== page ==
As Senators will have gathered from the explanatory memorandum circulated with this Bill, the measure is intended to facilitate the enactment of a Fisheries (Consolidation) Bill and it may be appropriate to recall at this stage how the process of consolidation now stands. The Consolidation Bill as introduced in 1952 was in March 1953 referred by both Houses to the Standing Joint Committee on Consolidation Bills. That committee completed its work and presented its report in July, 1953, but the Bill was not then proceeded with as it was considered more fitting that it should be revised to remedy certain defects and inconsistencies in the Fisheries Statutes as they stood to which attention had been drawn informally by the committee. The Bill which is now before the House proposes to give effect to the committee's suggestions and also provides for certain other minor amendments of a procedural nature, the need for which has become apparent in the past few years.
The explanatory memorandum gives fairly full information as to the contents of the Bill and as it is proposed that the Bill be sent to a special committee of the House, no detailed comment by me seems necessary at this stage. I should, however, draw attention to groups of sections of the kind already mentioned, namely, those of a procedural nature not suggested by the report of the Standing Joint Committee but suggested rather by experience in administration during the past few years.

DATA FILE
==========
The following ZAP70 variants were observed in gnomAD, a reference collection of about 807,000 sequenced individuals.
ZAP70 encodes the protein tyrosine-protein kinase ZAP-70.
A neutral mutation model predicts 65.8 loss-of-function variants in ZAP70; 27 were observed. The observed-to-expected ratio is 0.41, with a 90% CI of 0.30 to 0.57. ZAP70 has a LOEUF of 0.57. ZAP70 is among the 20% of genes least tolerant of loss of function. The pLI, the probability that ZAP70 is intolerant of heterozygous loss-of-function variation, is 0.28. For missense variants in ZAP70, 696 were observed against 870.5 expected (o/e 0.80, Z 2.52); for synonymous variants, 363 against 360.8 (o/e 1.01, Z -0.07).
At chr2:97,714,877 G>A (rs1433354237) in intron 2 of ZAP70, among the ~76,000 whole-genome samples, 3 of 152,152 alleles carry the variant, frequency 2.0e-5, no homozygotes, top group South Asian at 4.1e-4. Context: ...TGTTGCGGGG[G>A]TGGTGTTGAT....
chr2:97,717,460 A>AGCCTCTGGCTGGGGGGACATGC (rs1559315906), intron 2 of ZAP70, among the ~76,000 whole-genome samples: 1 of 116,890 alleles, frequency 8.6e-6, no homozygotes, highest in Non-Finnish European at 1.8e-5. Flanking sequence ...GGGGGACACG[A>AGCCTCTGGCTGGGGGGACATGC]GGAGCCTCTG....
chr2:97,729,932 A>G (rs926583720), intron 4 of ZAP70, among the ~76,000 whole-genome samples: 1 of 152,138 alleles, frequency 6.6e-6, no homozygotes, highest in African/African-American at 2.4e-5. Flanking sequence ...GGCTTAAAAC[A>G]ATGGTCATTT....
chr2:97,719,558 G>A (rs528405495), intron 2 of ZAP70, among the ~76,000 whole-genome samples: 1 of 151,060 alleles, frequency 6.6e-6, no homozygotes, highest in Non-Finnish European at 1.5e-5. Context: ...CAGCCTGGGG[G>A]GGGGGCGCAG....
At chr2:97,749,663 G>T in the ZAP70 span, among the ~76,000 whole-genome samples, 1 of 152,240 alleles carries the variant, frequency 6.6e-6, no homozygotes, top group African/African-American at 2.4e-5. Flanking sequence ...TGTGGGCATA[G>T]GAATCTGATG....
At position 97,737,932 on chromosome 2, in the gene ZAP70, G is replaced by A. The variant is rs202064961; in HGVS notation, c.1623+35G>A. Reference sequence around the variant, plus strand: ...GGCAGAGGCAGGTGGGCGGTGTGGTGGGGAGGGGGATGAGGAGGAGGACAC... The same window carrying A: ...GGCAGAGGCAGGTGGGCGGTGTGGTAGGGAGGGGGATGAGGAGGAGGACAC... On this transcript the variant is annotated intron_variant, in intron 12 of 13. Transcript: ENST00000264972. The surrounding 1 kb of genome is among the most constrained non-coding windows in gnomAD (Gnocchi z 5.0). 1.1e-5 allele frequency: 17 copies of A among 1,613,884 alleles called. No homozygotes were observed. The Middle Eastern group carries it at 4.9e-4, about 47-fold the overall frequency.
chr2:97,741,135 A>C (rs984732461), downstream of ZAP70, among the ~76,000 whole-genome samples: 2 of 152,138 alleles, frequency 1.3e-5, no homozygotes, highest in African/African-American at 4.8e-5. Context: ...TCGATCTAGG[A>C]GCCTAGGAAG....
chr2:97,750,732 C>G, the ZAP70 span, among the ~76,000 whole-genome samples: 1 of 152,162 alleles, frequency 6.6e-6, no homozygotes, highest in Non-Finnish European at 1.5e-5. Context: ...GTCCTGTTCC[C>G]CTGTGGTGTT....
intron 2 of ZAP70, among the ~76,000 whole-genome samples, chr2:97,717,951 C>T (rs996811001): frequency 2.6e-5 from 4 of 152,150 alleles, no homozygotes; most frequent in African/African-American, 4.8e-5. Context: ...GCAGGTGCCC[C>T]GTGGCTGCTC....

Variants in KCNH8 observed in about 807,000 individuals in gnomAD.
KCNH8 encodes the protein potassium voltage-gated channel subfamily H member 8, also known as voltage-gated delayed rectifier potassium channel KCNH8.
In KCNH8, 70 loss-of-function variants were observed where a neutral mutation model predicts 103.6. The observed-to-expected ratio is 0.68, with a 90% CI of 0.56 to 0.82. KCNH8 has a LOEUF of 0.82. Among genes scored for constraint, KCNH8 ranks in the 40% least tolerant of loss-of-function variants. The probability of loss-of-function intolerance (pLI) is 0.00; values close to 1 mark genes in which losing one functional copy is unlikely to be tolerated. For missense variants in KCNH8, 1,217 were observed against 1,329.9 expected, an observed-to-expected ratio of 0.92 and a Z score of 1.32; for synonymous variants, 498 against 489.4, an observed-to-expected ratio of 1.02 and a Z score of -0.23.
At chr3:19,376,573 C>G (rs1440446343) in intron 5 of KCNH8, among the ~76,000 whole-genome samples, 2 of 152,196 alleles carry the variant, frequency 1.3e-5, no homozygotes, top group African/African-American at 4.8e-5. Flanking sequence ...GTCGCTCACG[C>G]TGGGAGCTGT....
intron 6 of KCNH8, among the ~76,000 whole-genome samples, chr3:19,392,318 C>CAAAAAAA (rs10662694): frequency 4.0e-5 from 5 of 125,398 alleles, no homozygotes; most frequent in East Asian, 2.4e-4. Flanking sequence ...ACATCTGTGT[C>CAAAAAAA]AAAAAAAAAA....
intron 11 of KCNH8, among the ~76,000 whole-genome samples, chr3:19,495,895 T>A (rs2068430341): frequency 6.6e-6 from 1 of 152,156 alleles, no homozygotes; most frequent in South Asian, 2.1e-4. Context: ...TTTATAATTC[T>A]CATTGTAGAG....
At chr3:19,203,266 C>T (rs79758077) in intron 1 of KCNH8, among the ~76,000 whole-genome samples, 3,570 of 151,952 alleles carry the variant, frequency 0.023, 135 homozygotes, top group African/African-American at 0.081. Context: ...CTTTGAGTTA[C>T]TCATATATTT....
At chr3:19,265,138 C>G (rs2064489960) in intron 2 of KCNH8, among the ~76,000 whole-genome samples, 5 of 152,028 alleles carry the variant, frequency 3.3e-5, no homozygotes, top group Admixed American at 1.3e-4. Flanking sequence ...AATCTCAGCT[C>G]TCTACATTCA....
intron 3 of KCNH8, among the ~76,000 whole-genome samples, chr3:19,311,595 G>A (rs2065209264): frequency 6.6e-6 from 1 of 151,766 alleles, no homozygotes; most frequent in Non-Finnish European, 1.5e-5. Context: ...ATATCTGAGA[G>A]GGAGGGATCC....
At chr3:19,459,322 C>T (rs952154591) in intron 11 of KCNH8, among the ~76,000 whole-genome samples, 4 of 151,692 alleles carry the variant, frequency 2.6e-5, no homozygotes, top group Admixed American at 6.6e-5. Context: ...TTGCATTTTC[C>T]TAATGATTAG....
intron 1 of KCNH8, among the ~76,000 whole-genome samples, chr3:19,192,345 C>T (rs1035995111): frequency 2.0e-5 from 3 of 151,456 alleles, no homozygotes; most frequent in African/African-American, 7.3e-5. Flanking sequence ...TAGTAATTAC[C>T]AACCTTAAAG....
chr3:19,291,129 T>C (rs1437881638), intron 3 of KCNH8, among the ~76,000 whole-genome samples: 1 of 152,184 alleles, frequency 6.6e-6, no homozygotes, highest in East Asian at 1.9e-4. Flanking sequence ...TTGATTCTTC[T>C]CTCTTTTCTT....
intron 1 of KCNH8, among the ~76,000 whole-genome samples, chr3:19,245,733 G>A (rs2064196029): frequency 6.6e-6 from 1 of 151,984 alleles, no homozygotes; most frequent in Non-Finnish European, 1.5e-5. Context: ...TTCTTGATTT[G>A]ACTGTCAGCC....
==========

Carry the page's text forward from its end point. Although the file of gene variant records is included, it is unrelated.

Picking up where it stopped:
The provisions in the first group, Sections 6 to 9, deal with fishery rating and do no more than bring the law on that subject into line with that relating to the rates struck by local authorities as regards liability for rates and the power to issue new or amended demand notes. In point of fact, many boards of conservators had followed local authority practice in these matters, but on taking legal advice it was found that the local government code did not apply here, and what is now being done is simply to restore with legal effect what had until recently been regarded as correct practice.
The second group of provisions, Sections 17 and 18, makes good some defects which were found to exist in the law relating to detention of boats and seizure of gear arising from offences under the Sea Fisheries (Protection) Acts. A number of captures of this kind have been made in recent years and experience in dealing with them has brought to light the need for specific power to detain a boat and if necessary to have the boat moved from place to place and for the purpose of removing forfeited fish or nets and using the boat's own lifting gear for the purpose. I am sure that Senators will have no difficulty in agreeing that these provisions are both desirable and reasonable.
It is intended that on enactment of this measure the new provisions will be incorporated in the draft Fisheries (Consolidation) Bill, which will then be reintroduced at the earliest practicable date.